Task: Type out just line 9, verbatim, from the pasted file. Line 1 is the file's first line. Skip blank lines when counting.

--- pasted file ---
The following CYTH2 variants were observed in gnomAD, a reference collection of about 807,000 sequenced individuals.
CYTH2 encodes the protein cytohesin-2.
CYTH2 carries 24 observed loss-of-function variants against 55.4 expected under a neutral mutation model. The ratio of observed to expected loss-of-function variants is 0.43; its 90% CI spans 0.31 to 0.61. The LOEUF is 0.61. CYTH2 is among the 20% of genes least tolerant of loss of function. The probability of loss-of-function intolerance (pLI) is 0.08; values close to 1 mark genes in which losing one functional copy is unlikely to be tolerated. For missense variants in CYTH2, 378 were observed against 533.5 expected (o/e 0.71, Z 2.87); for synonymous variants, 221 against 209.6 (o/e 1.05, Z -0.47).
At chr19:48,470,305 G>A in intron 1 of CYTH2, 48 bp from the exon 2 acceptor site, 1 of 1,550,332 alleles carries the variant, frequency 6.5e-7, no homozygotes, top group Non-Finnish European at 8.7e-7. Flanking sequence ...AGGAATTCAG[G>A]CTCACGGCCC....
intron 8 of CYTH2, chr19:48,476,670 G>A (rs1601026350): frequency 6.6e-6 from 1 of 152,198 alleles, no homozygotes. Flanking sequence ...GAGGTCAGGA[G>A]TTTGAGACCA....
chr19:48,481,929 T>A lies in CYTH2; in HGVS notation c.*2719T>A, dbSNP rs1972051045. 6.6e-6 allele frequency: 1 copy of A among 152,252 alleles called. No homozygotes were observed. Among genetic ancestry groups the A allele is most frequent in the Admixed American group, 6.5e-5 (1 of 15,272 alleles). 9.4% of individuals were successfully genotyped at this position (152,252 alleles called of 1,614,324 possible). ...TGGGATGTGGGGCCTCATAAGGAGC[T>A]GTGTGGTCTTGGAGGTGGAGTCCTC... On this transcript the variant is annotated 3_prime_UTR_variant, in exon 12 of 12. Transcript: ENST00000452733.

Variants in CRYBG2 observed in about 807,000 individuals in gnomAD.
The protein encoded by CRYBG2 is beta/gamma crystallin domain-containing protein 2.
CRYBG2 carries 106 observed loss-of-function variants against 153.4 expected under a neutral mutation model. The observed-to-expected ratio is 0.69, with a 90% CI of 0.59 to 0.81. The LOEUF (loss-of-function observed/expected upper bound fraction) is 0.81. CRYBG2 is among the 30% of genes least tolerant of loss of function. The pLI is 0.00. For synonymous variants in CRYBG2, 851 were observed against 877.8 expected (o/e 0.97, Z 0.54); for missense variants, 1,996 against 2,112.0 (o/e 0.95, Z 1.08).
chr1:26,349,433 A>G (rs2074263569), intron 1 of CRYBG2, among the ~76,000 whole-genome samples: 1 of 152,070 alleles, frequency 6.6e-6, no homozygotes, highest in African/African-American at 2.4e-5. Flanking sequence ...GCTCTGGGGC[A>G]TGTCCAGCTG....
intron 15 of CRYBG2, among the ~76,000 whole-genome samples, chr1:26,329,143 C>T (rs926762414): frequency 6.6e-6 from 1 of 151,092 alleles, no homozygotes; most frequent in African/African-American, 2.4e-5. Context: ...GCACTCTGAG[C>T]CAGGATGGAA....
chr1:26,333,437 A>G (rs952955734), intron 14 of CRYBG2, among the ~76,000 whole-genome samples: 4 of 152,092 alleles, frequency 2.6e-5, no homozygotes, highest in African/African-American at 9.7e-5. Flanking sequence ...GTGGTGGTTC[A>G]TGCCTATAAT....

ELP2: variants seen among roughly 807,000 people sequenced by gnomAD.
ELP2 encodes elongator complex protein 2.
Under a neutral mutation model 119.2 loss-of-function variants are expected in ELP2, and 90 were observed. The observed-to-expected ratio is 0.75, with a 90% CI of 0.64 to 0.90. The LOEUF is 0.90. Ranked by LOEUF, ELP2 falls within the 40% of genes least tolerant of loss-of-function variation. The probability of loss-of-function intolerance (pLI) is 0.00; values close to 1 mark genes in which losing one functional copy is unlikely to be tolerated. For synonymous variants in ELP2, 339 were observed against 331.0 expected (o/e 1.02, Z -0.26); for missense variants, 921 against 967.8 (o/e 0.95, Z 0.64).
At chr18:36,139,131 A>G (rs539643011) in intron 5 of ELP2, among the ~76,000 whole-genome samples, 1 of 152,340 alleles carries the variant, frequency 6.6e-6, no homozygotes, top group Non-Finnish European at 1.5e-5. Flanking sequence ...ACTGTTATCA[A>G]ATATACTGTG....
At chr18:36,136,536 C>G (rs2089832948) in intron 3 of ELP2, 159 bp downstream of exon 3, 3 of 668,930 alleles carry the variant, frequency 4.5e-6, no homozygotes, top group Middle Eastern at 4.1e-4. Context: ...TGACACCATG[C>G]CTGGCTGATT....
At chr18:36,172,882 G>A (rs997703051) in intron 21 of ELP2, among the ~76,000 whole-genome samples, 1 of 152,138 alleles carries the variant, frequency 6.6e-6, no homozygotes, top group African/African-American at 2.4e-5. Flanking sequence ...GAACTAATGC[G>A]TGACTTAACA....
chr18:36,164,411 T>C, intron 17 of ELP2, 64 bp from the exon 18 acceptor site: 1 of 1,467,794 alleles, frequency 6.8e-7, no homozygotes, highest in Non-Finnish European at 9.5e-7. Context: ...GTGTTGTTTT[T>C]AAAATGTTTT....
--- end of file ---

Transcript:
CRYBG2 carries 106 observed loss-of-function variants against 153.4 expected under a neutral mutation model. The observed-to-expected ratio is 0.69, with a 90% CI of 0.59 to 0.81. The LOEUF (loss-of-function observed/expected upper bound fraction) is 0.81. CRYBG2 is among the 30% of genes least tolerant of loss of function. The pLI is 0.00. For synonymous variants in CRYBG2, 851 were observed against 877.8 expected (o/e 0.97, Z 0.54); for missense variants, 1,996 against 2,112.0 (o/e 0.95, Z 1.08).